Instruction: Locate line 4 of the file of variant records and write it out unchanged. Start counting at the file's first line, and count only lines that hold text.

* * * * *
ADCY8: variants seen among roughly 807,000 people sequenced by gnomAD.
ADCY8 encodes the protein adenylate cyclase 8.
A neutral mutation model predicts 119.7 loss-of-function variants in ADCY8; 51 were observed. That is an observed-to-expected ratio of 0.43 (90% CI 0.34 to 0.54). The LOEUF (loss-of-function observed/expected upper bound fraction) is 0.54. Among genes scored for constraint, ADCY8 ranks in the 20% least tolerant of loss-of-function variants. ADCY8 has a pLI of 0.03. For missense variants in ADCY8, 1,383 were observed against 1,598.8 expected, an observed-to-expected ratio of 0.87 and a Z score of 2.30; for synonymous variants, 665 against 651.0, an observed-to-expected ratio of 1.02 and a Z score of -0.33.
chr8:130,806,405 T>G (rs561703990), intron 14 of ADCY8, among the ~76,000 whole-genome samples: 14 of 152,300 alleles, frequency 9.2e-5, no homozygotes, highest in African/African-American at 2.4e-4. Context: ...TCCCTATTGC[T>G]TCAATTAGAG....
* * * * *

chr8:130,806,405 T>G (rs561703990), intron 14 of ADCY8, among the ~76,000 whole-genome samples: 14 of 152,300 alleles, frequency 9.2e-5, no homozygotes, highest in African/African-American at 2.4e-4. Context: ...TCCCTATTGC[T>G]TCAATTAGAG....